A&E

Another Sky’ offers a glimpse of transcendence at the Venetian

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Anne Patterson’s “Another Sky,” viewed from below.
Photo: C. Moon Reed

Like the jagged vistas of Red Rock Canyon, Anne Patterson’s new art installation shifts under changing light and vantage point. Viewed from a distance, it appears to be a solid, blue box. As the viewer approaches, the box splinters into individual lines of multihued blues and silvers. Even closer, the piece reveals itself to be moving—strands shiver and quake like Aspen leaves, throwing light in different directions. Looking up from below, the installation soars 47 feet into the ceiling of the Venetian’s Waterfall Atrium. The piece, titled “Another Sky,” debuted on Friday and consists of 32 miles of reflective ribbon.

Patterson has a rare brain condition known as synesthesia, wherein she interprets sounds as visual stimuli. (Greats such as author Vladimir Nabokov, painter Wassily Kandinsky and musician Duke Ellington also shared this trait.) When listening to the rich strains of a cello, she saw long straight lines of color. That’s where the idea for ribbon installations was born. Patterson has created three previous ribbon installations as well as set designs, paintings and sculptures.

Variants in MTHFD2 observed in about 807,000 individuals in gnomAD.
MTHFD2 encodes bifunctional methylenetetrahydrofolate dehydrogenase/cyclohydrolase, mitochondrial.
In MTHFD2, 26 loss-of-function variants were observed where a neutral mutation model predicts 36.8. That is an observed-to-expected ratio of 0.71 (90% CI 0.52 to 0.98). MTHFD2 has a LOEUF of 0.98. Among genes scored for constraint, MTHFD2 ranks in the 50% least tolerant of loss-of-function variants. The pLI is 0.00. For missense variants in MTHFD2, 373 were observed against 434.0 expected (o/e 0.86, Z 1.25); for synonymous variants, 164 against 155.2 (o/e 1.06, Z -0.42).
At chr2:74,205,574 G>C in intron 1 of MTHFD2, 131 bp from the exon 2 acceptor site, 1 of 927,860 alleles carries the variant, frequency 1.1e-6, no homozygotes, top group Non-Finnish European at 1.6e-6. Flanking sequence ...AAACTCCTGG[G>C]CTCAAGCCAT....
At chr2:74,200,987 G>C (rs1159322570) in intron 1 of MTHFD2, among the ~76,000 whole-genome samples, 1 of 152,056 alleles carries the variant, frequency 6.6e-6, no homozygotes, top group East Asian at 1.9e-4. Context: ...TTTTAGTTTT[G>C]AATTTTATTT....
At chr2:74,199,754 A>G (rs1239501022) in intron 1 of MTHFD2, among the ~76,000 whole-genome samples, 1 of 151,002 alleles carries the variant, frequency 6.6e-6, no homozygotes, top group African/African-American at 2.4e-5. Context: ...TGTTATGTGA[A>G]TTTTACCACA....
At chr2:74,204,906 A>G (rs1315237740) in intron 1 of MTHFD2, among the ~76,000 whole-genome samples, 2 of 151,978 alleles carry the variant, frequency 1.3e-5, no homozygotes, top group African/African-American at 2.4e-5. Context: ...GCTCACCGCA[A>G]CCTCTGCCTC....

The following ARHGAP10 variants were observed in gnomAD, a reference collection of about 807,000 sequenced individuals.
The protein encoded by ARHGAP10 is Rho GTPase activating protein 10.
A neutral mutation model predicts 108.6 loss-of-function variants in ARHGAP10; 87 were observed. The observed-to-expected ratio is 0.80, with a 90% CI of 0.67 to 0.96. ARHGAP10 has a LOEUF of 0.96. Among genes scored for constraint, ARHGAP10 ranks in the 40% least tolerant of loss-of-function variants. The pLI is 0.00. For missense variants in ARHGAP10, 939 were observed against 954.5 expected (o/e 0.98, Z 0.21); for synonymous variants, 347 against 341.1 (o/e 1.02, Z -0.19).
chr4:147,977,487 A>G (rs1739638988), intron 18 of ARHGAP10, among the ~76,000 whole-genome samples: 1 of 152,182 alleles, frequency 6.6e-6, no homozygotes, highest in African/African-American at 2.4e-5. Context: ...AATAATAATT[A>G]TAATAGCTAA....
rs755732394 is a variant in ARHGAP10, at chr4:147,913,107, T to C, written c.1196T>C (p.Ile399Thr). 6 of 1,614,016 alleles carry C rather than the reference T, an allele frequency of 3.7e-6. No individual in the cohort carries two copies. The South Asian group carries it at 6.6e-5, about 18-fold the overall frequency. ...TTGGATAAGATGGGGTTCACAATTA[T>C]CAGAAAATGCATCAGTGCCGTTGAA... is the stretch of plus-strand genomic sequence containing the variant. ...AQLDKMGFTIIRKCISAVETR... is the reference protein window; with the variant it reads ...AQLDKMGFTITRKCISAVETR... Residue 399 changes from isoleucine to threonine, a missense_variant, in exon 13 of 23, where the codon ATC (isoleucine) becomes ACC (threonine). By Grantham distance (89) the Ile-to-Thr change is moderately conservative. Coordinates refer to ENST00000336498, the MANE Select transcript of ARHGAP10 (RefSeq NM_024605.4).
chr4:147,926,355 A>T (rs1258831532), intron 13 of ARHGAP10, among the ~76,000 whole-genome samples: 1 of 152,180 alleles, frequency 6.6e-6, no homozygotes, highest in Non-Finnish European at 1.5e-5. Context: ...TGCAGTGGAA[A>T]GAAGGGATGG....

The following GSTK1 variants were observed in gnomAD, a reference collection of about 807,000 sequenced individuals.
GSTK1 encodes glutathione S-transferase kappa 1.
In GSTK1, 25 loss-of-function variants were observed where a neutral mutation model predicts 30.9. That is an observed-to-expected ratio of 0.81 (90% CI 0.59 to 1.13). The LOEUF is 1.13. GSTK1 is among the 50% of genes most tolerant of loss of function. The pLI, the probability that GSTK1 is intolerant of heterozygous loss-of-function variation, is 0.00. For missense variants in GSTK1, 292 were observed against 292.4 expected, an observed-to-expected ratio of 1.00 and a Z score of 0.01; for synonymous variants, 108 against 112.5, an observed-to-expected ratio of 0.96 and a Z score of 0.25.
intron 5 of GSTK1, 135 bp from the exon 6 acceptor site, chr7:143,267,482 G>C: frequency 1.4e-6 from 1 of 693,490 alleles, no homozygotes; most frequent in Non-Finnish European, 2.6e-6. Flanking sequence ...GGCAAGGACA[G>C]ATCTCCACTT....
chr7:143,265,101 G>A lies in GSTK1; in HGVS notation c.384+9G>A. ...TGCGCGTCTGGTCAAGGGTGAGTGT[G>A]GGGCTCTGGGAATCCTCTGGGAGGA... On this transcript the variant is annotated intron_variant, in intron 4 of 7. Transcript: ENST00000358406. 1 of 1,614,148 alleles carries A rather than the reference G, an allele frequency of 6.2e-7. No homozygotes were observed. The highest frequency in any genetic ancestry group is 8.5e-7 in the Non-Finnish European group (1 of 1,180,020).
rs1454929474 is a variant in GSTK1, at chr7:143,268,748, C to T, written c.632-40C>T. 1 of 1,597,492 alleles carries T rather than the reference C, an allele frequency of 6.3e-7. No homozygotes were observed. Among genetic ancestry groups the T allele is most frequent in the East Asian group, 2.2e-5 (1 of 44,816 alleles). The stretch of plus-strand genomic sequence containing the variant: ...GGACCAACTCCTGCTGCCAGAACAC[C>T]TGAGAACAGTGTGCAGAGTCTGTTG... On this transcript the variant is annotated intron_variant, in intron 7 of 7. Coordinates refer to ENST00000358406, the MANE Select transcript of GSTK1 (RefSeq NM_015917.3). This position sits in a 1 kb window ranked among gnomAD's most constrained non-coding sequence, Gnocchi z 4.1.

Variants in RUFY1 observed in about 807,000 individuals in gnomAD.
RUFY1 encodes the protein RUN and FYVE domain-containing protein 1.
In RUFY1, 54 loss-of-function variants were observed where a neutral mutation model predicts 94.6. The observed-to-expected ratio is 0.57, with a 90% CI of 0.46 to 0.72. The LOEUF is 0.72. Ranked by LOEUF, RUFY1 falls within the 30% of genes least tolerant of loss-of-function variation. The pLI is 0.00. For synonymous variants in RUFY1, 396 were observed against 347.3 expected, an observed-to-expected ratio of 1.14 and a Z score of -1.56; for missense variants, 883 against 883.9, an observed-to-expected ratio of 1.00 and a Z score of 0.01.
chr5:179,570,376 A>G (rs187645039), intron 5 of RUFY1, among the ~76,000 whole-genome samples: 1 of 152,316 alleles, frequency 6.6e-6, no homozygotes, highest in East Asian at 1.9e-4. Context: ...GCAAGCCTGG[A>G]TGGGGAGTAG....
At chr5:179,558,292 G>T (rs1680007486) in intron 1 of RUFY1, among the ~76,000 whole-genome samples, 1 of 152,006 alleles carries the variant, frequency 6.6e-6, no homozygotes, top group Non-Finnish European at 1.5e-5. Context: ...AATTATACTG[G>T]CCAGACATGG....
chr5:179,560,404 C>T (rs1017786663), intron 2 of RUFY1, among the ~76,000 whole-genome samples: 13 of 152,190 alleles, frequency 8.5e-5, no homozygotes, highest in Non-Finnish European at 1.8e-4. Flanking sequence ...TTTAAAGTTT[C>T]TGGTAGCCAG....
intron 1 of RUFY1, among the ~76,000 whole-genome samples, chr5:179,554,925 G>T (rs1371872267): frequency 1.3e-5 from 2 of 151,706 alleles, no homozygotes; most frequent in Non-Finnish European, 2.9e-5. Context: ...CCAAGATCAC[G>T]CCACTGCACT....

“Another Sky” could totally be a portal to another dimension. It’s fitting that Patterson created a similar installation for Grace Cathedral in San Francisco. The ribbons connect mere mortals to the heavens … or perhaps gamblers to their fortune.

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C. Moon Reed

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